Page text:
HomeHome  CalendarCalendar  FAQFAQ  SearchSearch  RegisterRegister  MemberlistMemberlist  UsergroupsUsergroups  Log in  
Share | 
 

 Aging Effects on Perique

View previous topic View next topic Go down 
AuthorMessage
EricTKT

avatar

Age : 27
Location : Amarillo,TX
Registration date : 2014-04-19

PostSubject: Aging Effects on Perique   Tue Apr 26, 2016 12:52 pm

After having had a good deal of perique over the years, I've come to the conclusion that it is one of those tobaccos that, for me, hurts to smoke.

Then I had a thought, a few years ago, I was at the GKC Pipe Show and someone opened a tin or 40 or so year old Dunhill Nightcap. I don't remember it biting me at all, but I could be mistaken.

I have heard (as I am not extremely knowledgable in this area) that different pipe tobaccos age differently. Which, leads me to my question. What changes in Perique as it ages? Does it mellow?
Back to top Go down
View user profile
JimInks

avatar

Location : North Carolina
Registration date : 2012-08-31

PostSubject: Re: Aging Effects on Perique   Tue Apr 26, 2016 1:49 pm

EricTKT wrote:
After having had a good deal of perique over the years, I've come to the conclusion that it is one of those tobaccos that, for me, hurts to smoke.

Then I had a thought, a few years ago, I was at the GKC Pipe Show and someone opened a tin or 40 or so year old Dunhill Nightcap. I don't remember it biting me at all, but I could be mistaken.

I have heard (as I am not extremely knowledgable in this area) that different pipe tobaccos age differently. Which, leads me to my question. What changes in Perique as it ages? Does it mellow?

Sometimes, it does, but not always. I find the perique in Solani 633 stays rather peppery even after twelve years. I've smoked some 1980s Three Nuns in the past year, and noticed a little mellowing out of the perique. The 1990s Three Nuns I smoked earlier this year hadn't mellowed as much. I think it takes several years before the mellowing begins. It probably depends on how it is processed, re: Acadian perique versus St. James perique, and what else is in the blend. Acadian seems to mellow faster. If there's a lot of Virginia in the blend, its aging may mitigate the perique, causing one to think it's mellowed more than it has.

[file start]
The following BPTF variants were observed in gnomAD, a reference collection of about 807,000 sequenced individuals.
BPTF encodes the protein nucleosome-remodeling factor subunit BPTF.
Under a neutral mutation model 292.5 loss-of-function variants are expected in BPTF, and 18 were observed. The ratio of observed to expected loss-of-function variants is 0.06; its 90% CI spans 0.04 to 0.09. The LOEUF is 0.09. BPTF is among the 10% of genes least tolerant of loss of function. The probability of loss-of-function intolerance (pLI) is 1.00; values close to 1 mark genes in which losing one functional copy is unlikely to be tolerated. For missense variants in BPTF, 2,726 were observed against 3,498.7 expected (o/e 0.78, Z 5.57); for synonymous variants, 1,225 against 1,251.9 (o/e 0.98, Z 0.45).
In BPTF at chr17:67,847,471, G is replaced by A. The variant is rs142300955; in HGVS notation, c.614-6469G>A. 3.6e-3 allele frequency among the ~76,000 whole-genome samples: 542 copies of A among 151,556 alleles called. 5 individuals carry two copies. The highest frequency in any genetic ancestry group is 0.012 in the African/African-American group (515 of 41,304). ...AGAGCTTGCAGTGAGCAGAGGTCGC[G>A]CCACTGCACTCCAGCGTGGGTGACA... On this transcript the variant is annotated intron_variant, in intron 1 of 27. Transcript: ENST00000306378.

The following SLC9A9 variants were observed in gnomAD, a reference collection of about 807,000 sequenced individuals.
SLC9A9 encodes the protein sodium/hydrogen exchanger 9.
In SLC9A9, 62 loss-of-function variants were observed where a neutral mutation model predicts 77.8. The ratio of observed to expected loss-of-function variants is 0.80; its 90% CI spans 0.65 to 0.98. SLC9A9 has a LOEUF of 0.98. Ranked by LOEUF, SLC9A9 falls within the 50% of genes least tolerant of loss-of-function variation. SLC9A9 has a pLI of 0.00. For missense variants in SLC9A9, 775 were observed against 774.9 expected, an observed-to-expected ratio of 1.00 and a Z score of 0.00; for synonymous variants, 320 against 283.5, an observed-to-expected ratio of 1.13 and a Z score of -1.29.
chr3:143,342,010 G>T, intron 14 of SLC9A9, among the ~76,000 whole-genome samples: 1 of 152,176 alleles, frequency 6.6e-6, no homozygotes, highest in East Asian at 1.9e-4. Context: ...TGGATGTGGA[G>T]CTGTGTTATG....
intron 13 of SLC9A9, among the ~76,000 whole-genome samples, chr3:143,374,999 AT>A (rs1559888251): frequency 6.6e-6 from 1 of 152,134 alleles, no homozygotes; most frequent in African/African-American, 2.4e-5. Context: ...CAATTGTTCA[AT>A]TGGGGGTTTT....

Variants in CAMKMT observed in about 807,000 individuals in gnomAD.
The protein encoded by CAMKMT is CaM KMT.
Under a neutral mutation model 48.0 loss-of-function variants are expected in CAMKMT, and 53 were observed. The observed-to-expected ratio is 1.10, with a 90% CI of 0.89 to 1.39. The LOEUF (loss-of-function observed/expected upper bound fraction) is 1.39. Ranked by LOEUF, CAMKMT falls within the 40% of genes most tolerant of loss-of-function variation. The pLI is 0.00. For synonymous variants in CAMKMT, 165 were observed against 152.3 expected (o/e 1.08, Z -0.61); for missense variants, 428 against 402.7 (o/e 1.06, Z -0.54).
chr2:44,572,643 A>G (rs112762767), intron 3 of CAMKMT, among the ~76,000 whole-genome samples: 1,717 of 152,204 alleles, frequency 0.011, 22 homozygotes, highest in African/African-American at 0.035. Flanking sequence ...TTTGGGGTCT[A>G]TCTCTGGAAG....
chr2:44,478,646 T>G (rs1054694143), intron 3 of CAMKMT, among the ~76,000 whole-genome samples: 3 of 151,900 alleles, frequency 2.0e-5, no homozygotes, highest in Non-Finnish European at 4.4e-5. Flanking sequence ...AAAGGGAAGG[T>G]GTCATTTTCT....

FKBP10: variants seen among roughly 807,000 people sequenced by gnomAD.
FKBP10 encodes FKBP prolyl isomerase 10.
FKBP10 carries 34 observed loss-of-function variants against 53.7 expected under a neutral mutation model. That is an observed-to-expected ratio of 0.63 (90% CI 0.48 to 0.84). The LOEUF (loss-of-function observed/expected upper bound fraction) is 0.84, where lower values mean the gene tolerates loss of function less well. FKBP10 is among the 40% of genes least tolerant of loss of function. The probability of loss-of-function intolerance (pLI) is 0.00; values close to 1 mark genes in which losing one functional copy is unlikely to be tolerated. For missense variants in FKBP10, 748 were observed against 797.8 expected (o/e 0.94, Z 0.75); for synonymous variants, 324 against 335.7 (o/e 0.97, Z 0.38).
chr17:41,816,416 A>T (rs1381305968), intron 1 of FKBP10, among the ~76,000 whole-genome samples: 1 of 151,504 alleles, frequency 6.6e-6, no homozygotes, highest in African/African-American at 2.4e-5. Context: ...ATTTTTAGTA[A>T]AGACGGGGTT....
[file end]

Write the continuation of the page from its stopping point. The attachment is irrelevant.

Back to top Go down
View user profile
idbowman

avatar

Age : 34
Location : Painesville, OH
Registration date : 2011-12-19

PostSubject: Re: Aging Effects on Perique   Tue Apr 26, 2016 3:26 pm

JimInks wrote:
Acadian seems to mellow faster. If there's a lot of Virginia in the blend, its aging may mitigate the perique, causing one to think it's mellowed more than it has.

Yep. Especially red virginias - to me, they get sweet and dark enough that they can mask some of the pepper in the perique.

But, as a general answer to the OP, there are a lot of variables but I find that aged perique is really, really good stuff. It begins to lose it's peppery edge and a dark fruit (date, raisin, etc) sort of quality starts to come out. Personally, I'm a huge perique fan and love it young or with some age to it, but time can do a lot to change it.
Back to top Go down
View user profile
Ozark Wizard

avatar

Age : 53
Location : Mark Twain National Forest, MO
Registration date : 2014-10-11

PostSubject: Re: Aging Effects on Perique   Tue Apr 26, 2016 8:22 pm

I personally prefer aged Perique to 'fresh'... Just a preference.
Back to top Go down
View user profile Online
MisterE
Moderator
avatar

Location : Mexico City
Registration date : 2009-08-24

PostSubject: Re: Aging Effects on Perique   Tue Apr 26, 2016 11:05 pm

It's tough to tell because Perique is such a chameleon. In some blends it's fermented fruity, yet with others it's spicy and peppery. I think it has to do with what other components are in the blend. Grassy, lemony Va seems to bring out the peppery Perique. The sweeter, mellower red VA and dark fired burley seem to make it stewd plummy. Age just seems to meld the flavor more. The individual components aren't so pronounced. That's just my take on it.

Two popular Stokkebye blends are a good illustration. Navy Flake is spicy, whereas Bullseye is sweet and fermented fruity. I'm not positive, but I'd bet it's the same Perique used in both.

_________________
Many of the greatest pleasures in life are illegal, immoral, or smelly.

-Yak
Back to top Go down
View user profile
Ocelot55

avatar

Location : Columbus, OH
Registration date : 2012-03-28

PostSubject: Re: Aging Effects on Perique   Wed Apr 27, 2016 12:52 am

It could just be that your body doesn't like the chemistry associated with Perique. Age could help, but it's hard to say how much and with what other tobaccos. Sometimes there are just tobaccos that don't agree with the smoker for whatever reason. For me it's heavy Burleys. I love the smell and taste, but I can't feel my tongue after a few puffs...

Back to top Go down
View user profile http://www.jonespipes.com
EricTKT

avatar

Age : 27
Location : Amarillo,TX
Registration date : 2014-04-19

PostSubject: Re: Aging Effects on Perique   Sat May 07, 2016 6:19 pm

This is great insight gentleman! Thanks for the input, I went ahead and lit up a bowl of the "new/fresh" Dunhill Nightcap, and while it did have a bit of bite on the tongue it wasn't as bad as many blends I've had that contained Perique. So maybe it's just blends that are heavy on it.
Back to top Go down
View user profile
 
Aging Effects on Perique
View previous topic View next topic Back to top 
Page 1 of 1
 Similar topics
-
» Effects Of The Cold War Era In Canada
» The Debt Ceiling
» Kirsten Dunst
» Getting ready for NHS privatisation......
» I'm so glad I found you!

Permissions in this forum:You cannot reply to topics in this forum
Brothers of Briar :: Pipes & Tobacco :: The Tobacco Jar-
Jump to: